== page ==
28.05.21 By Olivia Bird

Lessons we learnt from #MentalHealthAwarenessWeek

Last week was Mental Health Awareness week and, in support of the Mental Health Foundation, DofE Scotland wanted to listen, share stories and learn from our network.

Mental health has been a big conversation topic over the past year, as we have all faced lockdown, health concerns, and interruption to our normal lives. It’s been a particularly uncertain year for young people, who have seen their education, employment and social life disrupted. For many, it has brought mental health and wellbeing to the forefront of their minds as they search for structure and focus. We’ve heard from many of our participants that being able to continue their DofE Award really helped give some form of normality during the past year. Our Young People’s Mental Health and Wellbeing Report demonstrates how doing DofE can positively effect wellbeing.

The theme for 2021 was Nature, which is particularly fitting as a lot of people across the country found themselves connecting more with nature during lockdown. Being outside was one of the top coping strategies during such a stressful and uncertain year of COVID restrictions (Mental Health Foundation: 2021). This could be as simple as going for a walk in your local area or spending time gardening.

Here are a few things we learnt this week about how our network support their mental wellbeing:

In the words of Paralympian Karen Darke, let your light shine! Believing in yourself and supporting others can help us all be the best versions of ourselves and create positive self-talk, leading to improved wellbeing.

Jason Leitch encouraged us that these uncertain times won’t last forever. Even though it can feel like life has been on pause this past year the end of the pandemic is in sight!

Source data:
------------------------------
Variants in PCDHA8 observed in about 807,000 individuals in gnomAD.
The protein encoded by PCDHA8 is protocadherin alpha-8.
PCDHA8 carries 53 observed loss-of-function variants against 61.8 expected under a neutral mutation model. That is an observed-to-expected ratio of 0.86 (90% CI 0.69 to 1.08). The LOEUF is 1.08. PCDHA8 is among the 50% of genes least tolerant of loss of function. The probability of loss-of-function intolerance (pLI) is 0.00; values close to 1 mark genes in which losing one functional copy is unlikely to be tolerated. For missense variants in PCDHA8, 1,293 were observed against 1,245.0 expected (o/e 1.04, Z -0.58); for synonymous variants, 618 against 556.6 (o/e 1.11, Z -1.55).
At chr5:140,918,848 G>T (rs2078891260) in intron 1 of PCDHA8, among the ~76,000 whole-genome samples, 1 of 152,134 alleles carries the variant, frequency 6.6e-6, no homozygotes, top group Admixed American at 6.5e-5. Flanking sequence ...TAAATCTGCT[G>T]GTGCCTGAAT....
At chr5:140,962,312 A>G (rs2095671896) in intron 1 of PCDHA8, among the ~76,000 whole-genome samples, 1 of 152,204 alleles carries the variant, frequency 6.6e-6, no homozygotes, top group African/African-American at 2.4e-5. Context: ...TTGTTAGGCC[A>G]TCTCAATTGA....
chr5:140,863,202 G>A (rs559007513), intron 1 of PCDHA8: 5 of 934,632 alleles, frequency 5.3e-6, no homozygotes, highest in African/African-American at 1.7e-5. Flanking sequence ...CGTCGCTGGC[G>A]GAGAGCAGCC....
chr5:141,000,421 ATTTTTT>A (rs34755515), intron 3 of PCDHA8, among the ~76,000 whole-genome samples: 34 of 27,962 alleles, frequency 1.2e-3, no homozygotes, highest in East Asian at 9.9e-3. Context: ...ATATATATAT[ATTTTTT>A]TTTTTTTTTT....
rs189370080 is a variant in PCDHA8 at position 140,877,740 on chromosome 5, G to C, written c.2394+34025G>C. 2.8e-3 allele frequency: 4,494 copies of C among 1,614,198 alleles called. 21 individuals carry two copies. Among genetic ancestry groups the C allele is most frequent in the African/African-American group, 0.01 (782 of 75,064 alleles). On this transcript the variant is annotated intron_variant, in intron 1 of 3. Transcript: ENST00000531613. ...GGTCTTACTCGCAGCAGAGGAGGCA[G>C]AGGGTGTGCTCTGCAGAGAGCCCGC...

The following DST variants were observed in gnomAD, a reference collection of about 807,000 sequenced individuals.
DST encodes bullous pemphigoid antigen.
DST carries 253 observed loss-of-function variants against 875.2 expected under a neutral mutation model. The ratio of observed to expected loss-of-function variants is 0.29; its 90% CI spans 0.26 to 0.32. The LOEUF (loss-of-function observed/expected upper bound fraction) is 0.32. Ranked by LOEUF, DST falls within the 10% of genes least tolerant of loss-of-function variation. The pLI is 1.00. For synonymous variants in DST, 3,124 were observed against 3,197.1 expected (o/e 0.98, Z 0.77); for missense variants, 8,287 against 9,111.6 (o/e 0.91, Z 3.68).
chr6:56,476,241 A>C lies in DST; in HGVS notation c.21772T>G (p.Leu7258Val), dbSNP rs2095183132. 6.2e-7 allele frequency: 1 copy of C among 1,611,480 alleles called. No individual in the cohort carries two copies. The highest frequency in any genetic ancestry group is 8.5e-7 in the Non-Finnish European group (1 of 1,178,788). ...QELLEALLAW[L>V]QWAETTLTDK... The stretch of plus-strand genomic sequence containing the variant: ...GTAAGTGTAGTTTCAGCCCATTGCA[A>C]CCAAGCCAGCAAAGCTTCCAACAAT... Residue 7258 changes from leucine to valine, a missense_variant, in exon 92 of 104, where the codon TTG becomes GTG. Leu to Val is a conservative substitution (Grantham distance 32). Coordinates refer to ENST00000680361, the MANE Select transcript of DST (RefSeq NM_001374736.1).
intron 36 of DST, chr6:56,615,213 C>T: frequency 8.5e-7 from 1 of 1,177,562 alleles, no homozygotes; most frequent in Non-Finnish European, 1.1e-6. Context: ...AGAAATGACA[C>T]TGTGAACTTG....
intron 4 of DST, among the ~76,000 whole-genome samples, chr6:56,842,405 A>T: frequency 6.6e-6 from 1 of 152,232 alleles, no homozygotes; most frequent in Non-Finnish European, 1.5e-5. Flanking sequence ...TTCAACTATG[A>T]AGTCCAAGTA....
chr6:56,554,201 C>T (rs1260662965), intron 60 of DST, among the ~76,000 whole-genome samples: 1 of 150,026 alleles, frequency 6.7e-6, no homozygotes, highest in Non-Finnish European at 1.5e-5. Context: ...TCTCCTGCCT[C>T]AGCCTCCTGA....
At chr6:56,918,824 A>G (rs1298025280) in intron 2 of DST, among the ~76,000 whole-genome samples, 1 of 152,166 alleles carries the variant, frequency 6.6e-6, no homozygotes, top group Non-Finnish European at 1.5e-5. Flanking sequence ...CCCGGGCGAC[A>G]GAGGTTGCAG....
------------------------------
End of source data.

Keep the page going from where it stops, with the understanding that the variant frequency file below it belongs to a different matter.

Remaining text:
It really is OK not to be OK. However you feel, your feelings are valid. Opening up about negative thoughts and feelings can be an important step in acceptance and recovery.

When life feels overwhelming, focus on the little things around you. Take in your surroundings whilst outside… you can even get creative and take photos that you can look back on.

Jayne said that persevering with her DofE believing in herself helped overcome her doubts she had about her abilities.

Edinburgh Academy spoke about the benefits of being outside in the fresh air to clear your mind. This is particularly important when a situation can feel overwhelming and stressful.

They also pointed out that experiencing nature with others is enjoyable too, not only for banter and exploring green spaces but to share experiences and feelings.

Young Scot, as part of #Ayefeel, shared Fergus Crawley’s story which highlighted the importance to talking and addressing how you are really feeling.

The Conservation Volunteers blog from Cumbernauld shared this great quote-
“Mental health awareness is the torch. The more we talk, the more we share, the more we shine a light into the dark places, the more we find that there is nothing there to be afraid of but shadows.”

What did you learn from Mental Health Awareness Week? Or is there something you’d like to share with youth organisations across Scotland? Let us know.